How many people get to live their dreams? I am..........!

This is my story from the time when Capt'n John and I first decided to sail around the big block, to circumnavigate this great land of ours, AUSTRALIA.

Friday, 16 August 2013

Boab Trees

Coronation Islands
 Tuesday 18th June 2013
Boab Trees at Ivy Cove on Glauert Island in the Coronation Islands and Careening Bay Port Nelson
morning in York Sound
From our uncomfortable anchorage in York Sound (maybe we should have anchored on the other side where another cat and a schooner had anchored. (sure sign? der!) MrJ and I motor sailed AR around the corner through the Anderson Islands. We were heading for another place, an anchorage on the northern side of the head of the Prince Frederick Harbour where we had been told about some more crystals. To get to this special place we were negotiating our way through a few narrow channels between the islands until there was a sudden drop in the depths. Not liking this shallowness (meaning possible reefs) and the southerly winds had kicked up the sea which meant even if we had been able to get through the shallows AR would have been on a lee shore anchorage. No thanks!

MrJ and I gave this anchorage a miss, turned AR out to sea and headed for Careen Cove at the bottom of Port Nelson. Careening Cove anchorage (15’06.148S – 125’00.304E) was a good stop-over, a bit rollie in the fresh breeze.
In Careening Bay Philip Parker King carved HMC Mermaid 1820 into a boab tree during his survey of Australia. It is still clearly visible about 100m up the tidal creek that enters the bay. His Britannic Majesty's Cutter Mermaid was launched in Calcutta. India on December 23, 1816. She was 84 tons, 56ft LOA, had a beam of 18ft 6in and draft of 9ft. She was built in solid teak with English cordage and sheaved with 18oz copper. Purchased by Governor Macquarie for f200 and assigned to Philip Parker King for the survey of the northwest. The Mermaid spent sixteen days at Careening Bay while repairs were carried out on the keel, stern post, rudder connections, garboards track and fastenings. Unfortunately, iron nails had been used in her building. King’s tree is now overgrown with vines and the creek has no water.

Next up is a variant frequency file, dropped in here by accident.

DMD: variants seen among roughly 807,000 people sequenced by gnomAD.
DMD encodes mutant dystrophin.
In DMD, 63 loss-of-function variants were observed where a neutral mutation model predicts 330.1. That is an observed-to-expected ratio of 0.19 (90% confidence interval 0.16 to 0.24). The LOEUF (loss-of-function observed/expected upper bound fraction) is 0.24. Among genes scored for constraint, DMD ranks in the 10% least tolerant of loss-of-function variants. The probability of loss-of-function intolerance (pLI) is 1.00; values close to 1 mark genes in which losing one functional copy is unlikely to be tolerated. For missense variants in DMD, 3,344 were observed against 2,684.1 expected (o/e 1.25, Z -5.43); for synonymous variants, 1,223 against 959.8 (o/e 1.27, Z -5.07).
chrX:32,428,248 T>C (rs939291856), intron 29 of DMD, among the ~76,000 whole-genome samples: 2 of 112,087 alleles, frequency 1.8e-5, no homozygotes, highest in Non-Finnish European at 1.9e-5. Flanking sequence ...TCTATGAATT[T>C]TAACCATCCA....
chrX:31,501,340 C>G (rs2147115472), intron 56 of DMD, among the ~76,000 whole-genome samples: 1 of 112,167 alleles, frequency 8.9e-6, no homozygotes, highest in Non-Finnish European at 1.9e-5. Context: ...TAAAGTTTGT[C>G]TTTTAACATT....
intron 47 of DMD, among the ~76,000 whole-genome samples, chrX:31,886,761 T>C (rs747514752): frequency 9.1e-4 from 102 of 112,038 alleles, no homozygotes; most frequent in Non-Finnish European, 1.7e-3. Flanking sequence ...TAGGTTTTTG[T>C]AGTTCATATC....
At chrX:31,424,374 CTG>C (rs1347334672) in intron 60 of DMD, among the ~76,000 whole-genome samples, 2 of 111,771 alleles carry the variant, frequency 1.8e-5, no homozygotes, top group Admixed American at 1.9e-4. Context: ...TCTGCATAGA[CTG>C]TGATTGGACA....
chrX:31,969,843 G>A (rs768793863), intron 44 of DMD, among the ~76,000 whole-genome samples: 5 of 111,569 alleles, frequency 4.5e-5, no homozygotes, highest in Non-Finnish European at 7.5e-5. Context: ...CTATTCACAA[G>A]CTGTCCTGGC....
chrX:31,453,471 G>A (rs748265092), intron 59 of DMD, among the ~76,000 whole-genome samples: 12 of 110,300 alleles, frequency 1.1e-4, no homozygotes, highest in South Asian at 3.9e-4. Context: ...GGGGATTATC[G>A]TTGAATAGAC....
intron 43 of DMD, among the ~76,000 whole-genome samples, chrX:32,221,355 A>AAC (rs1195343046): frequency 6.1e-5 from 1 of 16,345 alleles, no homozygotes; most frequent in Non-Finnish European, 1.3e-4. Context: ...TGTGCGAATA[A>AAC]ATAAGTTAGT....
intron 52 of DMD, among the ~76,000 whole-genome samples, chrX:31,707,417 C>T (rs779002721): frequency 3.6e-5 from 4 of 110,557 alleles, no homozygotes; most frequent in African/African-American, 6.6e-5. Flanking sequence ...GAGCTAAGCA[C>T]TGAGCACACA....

Also on shore closer to the beach, carved into another Boab Trees we found the names of other boats that had been this way before. One in particular interest to us was the boat name Tradewinds, Tradewinds 3 + 4 in 2000 + 2011. Tradewinds is the name of Barry and Robyn’s boat but I can’t remember which number they have and for how long they have had their boat. I do know that they have been this way before. I wonder?

Back on board SR MrJ and I make passage for Ivy Cove on Glauert Island which is part of the Coronation Islands just north of Careening Cove. There is a deep navigable passage between Gray and Glauert Islands. We keep to the centre with a good lookout for any hidden rocks or sandbars. On the east side of this passage was the Ivy Cove anchorage (15'03.3'5 124'58'E) where it was possible to get out of the strong tidal flow and anchor in thick mud.

There was a beautiful sandy beach and ashore a large boab tree on which the inscription Ivy 19.10.1890 or 91 (uncertain) has been carved. Ivy was a pearling schooner working in the area under the command of Captain Biddles.

 The winds had turned more to the north, NW sea breezes had settled in once again and the Ivy Cove anchorage was for SE winds and so a very sloppy sea came down the channel and into the bay causing small wavelets across the bay making AR do her rocking act. MrJ and I had decided to get out in the tinny for a spot of fishing along the thing mangrove shoreline. This turned out not to be such a good idea with sloppy water and getting back on board was a bit of a trial too with AR rocking and bobbing one way and the tinny bouncing all over the place. Reminded me of when we were in Hiva Oa or Balboa in Panama. No fun at all!

However while in Ivy Cove we did not see the reported resident crocodile that had been blamed for chewing an inflatable dinghy that had been left tied astern. And another bit of useful or useless information about this area - The nuts from the Cycad trees are poisonous. Just so as you know that now!

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